Claes Oldenburg is profiled in Sunday’s New York Times by Carol Kino. The touching story addresses his upcoming Whitney show that has turned into something of a retrospective for the 80-year-old artist who recently lost his wife and collaborator. The show is in two parts. One focuses on his early work; the other on his collaborations with Coosje van Bruggen:
Together these halves make up a mini-retrospective, replete with firsts: the first time that “Ice Bag” will function consistently since its completion (or so the conservators hope), and the first time the public will see rare footage of most of Mr. Oldenburg’s legendary Happenings, the anarchic, semiscripted group performances involving sculptural props and sets that prefigured today’s performance art.
It includes important early work like:
Giant BLT (Bacon, Lettuce and Tomato Sandwich” (1963), constructed from wood and fabric slabs. Although its triangular mass must be restacked each time it is shown, allowing some room for variation, Mr. Oldenburg said he had no part in its current incarnation. “Someone else did it,” he shrugged. “I haven’t set it up since 1963.”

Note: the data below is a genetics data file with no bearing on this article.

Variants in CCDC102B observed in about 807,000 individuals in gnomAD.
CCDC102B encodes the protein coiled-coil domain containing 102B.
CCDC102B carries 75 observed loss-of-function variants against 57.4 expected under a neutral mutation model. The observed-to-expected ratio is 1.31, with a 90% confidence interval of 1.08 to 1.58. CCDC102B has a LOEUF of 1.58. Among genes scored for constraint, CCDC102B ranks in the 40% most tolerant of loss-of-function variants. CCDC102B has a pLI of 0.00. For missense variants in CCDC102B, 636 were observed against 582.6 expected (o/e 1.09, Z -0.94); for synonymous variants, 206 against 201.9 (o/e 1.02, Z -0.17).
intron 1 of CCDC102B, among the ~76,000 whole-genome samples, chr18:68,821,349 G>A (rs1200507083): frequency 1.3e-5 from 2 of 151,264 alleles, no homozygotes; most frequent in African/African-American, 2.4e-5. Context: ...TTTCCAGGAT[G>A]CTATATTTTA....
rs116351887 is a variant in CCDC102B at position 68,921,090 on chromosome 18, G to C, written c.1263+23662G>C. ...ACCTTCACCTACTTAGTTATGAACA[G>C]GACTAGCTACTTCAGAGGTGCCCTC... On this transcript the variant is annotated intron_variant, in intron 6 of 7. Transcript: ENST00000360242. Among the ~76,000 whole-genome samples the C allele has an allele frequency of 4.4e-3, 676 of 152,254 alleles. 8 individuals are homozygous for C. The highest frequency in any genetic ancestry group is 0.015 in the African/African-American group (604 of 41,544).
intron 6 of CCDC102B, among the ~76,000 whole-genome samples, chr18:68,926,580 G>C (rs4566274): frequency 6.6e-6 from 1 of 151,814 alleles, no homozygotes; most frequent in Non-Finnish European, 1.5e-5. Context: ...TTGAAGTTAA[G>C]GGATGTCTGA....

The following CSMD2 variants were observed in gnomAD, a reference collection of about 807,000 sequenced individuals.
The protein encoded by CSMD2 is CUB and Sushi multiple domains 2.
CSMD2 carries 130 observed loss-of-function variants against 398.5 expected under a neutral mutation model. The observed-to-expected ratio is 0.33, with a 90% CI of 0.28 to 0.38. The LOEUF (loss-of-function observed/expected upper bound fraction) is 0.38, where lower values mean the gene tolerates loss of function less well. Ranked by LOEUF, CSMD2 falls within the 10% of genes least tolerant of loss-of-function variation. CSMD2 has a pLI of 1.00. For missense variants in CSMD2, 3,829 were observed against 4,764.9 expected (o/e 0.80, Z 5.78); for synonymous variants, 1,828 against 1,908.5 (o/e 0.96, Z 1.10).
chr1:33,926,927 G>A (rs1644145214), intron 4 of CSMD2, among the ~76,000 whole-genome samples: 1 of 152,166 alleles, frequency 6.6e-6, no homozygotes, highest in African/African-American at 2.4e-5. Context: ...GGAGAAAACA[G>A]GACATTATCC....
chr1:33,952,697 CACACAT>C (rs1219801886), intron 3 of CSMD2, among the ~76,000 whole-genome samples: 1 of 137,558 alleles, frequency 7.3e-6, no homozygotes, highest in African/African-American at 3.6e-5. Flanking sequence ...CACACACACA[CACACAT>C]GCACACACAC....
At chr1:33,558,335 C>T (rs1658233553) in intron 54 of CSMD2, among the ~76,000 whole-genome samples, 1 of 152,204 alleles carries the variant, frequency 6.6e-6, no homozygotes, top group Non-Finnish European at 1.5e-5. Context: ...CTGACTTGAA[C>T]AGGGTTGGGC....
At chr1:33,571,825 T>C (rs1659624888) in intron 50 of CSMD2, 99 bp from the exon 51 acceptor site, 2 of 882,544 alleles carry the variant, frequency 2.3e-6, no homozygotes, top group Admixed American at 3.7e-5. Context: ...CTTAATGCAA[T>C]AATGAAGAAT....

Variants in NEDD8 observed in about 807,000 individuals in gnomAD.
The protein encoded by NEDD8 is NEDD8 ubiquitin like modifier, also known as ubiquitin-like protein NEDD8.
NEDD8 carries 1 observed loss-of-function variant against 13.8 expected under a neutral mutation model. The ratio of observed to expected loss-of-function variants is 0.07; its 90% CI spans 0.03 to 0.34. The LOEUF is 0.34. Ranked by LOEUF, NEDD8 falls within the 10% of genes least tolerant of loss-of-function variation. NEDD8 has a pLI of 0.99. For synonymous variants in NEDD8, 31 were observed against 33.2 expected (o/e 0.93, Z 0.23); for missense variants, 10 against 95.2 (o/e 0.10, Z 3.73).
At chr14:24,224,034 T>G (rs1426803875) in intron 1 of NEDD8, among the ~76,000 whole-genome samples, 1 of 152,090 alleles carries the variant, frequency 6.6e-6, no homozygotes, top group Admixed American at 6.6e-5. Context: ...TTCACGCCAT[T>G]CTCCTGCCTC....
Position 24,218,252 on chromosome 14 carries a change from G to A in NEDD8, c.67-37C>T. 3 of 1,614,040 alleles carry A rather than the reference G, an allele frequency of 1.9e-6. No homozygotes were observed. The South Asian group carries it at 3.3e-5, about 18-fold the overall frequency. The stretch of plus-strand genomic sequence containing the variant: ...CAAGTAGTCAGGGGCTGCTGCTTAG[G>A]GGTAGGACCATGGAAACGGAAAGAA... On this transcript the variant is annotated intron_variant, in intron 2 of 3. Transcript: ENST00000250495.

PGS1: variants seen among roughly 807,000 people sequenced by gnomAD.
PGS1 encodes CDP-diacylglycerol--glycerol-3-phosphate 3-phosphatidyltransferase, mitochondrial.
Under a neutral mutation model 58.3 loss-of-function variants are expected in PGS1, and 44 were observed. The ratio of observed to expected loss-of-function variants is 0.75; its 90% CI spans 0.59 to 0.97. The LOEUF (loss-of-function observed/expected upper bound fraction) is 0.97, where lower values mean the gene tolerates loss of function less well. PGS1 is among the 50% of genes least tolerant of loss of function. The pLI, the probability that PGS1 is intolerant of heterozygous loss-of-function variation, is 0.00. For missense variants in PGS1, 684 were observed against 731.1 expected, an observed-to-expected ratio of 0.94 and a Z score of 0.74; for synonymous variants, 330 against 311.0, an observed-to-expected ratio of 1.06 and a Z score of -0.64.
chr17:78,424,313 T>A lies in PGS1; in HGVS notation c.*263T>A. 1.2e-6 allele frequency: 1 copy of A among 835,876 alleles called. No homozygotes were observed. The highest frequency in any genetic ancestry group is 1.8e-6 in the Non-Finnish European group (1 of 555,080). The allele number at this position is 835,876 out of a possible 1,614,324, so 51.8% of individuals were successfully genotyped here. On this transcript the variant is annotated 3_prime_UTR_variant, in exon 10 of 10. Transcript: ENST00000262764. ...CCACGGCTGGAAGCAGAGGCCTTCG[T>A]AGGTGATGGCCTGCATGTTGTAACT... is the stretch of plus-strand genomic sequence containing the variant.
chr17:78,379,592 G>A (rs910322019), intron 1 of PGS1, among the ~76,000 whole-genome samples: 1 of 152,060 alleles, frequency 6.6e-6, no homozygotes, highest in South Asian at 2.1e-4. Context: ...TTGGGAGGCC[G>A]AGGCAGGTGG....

He seemed similarly laid back about the exhibition’s showstopper, “Ice Bag — Scale C” (1971), a mammoth mechanical silver-toned soft sculpture of an old-fashioned ice bag, which has been almost entirely rebuilt by conservators. Mr. Oldenburg said its innards had originally been fabricated by mechanics, and he had never really understood how they worked. “I’m not mechanically inclined,” he said. “I only know about the outside. If you look at what goes on in there, it’s pretty puzzling.”
Going Softly into a Parallel Universe (New York Times)